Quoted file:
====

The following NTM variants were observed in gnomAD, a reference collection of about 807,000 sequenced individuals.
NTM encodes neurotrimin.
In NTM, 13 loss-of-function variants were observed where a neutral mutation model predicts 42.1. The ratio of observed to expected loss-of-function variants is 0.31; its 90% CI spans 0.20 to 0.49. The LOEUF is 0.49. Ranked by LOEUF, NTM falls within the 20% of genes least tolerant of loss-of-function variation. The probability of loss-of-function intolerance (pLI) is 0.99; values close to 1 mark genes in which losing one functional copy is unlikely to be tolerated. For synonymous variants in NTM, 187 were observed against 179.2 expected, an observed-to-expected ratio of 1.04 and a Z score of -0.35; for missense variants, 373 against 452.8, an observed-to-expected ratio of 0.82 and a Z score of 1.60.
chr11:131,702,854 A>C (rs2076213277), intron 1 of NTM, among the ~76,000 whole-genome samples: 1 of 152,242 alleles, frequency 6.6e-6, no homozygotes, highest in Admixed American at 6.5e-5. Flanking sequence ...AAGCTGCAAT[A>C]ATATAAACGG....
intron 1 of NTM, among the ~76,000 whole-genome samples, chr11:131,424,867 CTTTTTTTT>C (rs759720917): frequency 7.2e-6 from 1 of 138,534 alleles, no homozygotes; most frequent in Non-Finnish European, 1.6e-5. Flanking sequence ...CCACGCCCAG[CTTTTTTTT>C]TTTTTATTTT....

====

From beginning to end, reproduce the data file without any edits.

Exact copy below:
The following NTM variants were observed in gnomAD, a reference collection of about 807,000 sequenced individuals.
NTM encodes neurotrimin.
In NTM, 13 loss-of-function variants were observed where a neutral mutation model predicts 42.1. The ratio of observed to expected loss-of-function variants is 0.31; its 90% CI spans 0.20 to 0.49. The LOEUF is 0.49. Ranked by LOEUF, NTM falls within the 20% of genes least tolerant of loss-of-function variation. The probability of loss-of-function intolerance (pLI) is 0.99; values close to 1 mark genes in which losing one functional copy is unlikely to be tolerated. For synonymous variants in NTM, 187 were observed against 179.2 expected, an observed-to-expected ratio of 1.04 and a Z score of -0.35; for missense variants, 373 against 452.8, an observed-to-expected ratio of 0.82 and a Z score of 1.60.
chr11:131,702,854 A>C (rs2076213277), intron 1 of NTM, among the ~76,000 whole-genome samples: 1 of 152,242 alleles, frequency 6.6e-6, no homozygotes, highest in Admixed American at 6.5e-5. Flanking sequence ...AAGCTGCAAT[A>C]ATATAAACGG....
intron 1 of NTM, among the ~76,000 whole-genome samples, chr11:131,424,867 CTTTTTTTT>C (rs759720917): frequency 7.2e-6 from 1 of 138,534 alleles, no homozygotes; most frequent in Non-Finnish European, 1.6e-5. Flanking sequence ...CCACGCCCAG[CTTTTTTTT>C]TTTTTATTTT....